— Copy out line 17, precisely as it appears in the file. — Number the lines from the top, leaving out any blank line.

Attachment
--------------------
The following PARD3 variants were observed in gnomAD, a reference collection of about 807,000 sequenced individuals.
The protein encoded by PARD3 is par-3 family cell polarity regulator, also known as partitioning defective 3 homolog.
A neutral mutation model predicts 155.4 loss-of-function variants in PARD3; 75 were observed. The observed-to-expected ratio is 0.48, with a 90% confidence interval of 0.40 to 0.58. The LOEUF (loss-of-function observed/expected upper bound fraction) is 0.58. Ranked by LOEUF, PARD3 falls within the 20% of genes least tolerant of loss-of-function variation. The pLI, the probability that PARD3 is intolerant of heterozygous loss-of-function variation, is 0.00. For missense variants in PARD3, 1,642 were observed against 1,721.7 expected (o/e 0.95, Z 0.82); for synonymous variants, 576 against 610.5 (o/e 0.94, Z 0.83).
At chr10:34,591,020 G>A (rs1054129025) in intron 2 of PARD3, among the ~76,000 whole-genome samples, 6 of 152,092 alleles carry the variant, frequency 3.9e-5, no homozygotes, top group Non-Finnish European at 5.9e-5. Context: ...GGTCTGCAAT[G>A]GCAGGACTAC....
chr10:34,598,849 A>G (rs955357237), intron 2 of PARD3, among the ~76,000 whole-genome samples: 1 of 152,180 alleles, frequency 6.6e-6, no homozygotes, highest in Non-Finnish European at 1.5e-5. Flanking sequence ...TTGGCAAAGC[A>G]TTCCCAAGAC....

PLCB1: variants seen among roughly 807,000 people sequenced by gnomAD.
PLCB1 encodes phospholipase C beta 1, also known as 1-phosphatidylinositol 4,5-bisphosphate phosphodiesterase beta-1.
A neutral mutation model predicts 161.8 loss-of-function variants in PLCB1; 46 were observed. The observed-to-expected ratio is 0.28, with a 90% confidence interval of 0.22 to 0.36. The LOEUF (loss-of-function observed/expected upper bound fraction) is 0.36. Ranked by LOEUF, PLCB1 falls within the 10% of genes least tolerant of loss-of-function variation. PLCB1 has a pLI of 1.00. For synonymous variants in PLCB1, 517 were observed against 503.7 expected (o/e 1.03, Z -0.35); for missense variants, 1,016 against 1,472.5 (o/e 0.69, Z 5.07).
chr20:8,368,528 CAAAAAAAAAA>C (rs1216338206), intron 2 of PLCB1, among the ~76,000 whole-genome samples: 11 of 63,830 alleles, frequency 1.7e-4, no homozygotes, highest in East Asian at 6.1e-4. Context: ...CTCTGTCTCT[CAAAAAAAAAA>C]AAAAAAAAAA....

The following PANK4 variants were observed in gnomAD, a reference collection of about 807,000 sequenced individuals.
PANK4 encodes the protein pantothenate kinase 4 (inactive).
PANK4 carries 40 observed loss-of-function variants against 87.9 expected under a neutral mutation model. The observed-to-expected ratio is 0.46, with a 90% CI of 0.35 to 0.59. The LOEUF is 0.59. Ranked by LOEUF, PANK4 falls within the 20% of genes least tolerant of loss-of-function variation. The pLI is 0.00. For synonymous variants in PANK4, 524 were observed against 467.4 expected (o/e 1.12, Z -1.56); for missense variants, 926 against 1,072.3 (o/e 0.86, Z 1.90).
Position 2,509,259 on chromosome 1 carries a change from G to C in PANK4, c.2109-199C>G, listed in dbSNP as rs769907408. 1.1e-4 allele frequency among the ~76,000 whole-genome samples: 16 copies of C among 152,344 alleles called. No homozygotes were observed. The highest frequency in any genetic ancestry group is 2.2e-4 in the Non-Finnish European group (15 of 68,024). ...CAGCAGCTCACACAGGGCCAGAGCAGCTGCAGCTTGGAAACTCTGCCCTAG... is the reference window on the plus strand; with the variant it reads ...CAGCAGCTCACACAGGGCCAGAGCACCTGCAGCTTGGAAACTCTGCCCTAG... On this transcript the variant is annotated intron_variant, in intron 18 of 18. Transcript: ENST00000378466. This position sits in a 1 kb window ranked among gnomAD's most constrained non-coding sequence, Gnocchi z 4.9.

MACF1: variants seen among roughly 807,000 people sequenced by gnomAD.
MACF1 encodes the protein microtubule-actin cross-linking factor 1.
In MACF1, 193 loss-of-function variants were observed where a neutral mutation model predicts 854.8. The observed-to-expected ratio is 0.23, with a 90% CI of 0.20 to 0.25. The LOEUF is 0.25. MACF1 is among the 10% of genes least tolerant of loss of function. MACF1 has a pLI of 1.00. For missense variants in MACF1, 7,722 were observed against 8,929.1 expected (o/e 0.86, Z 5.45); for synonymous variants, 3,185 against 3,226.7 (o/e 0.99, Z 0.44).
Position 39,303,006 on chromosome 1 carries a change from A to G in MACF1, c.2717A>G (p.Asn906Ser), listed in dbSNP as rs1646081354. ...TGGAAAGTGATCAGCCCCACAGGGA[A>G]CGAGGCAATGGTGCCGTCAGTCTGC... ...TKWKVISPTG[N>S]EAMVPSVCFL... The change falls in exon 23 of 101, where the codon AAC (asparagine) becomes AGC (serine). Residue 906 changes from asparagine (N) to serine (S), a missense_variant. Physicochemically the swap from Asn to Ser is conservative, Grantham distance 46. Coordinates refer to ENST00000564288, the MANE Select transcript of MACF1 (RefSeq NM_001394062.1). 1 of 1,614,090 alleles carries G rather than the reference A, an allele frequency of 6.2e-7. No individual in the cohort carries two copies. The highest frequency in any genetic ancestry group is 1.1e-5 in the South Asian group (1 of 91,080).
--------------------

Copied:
Position 39,303,006 on chromosome 1 carries a change from A to G in MACF1, c.2717A>G (p.Asn906Ser), listed in dbSNP as rs1646081354. ...TGGAAAGTGATCAGCCCCACAGGGA[A>G]CGAGGCAATGGTGCCGTCAGTCTGC... ...TKWKVISPTG[N>S]EAMVPSVCFL... The change falls in exon 23 of 101, where the codon AAC (asparagine) becomes AGC (serine). Residue 906 changes from asparagine (N) to serine (S), a missense_variant. Physicochemically the swap from Asn to Ser is conservative, Grantham distance 46. Coordinates refer to ENST00000564288, the MANE Select transcript of MACF1 (RefSeq NM_001394062.1). 1 of 1,614,090 alleles carries G rather than the reference A, an allele frequency of 6.2e-7. No individual in the cohort carries two copies. The highest frequency in any genetic ancestry group is 1.1e-5 in the South Asian group (1 of 91,080).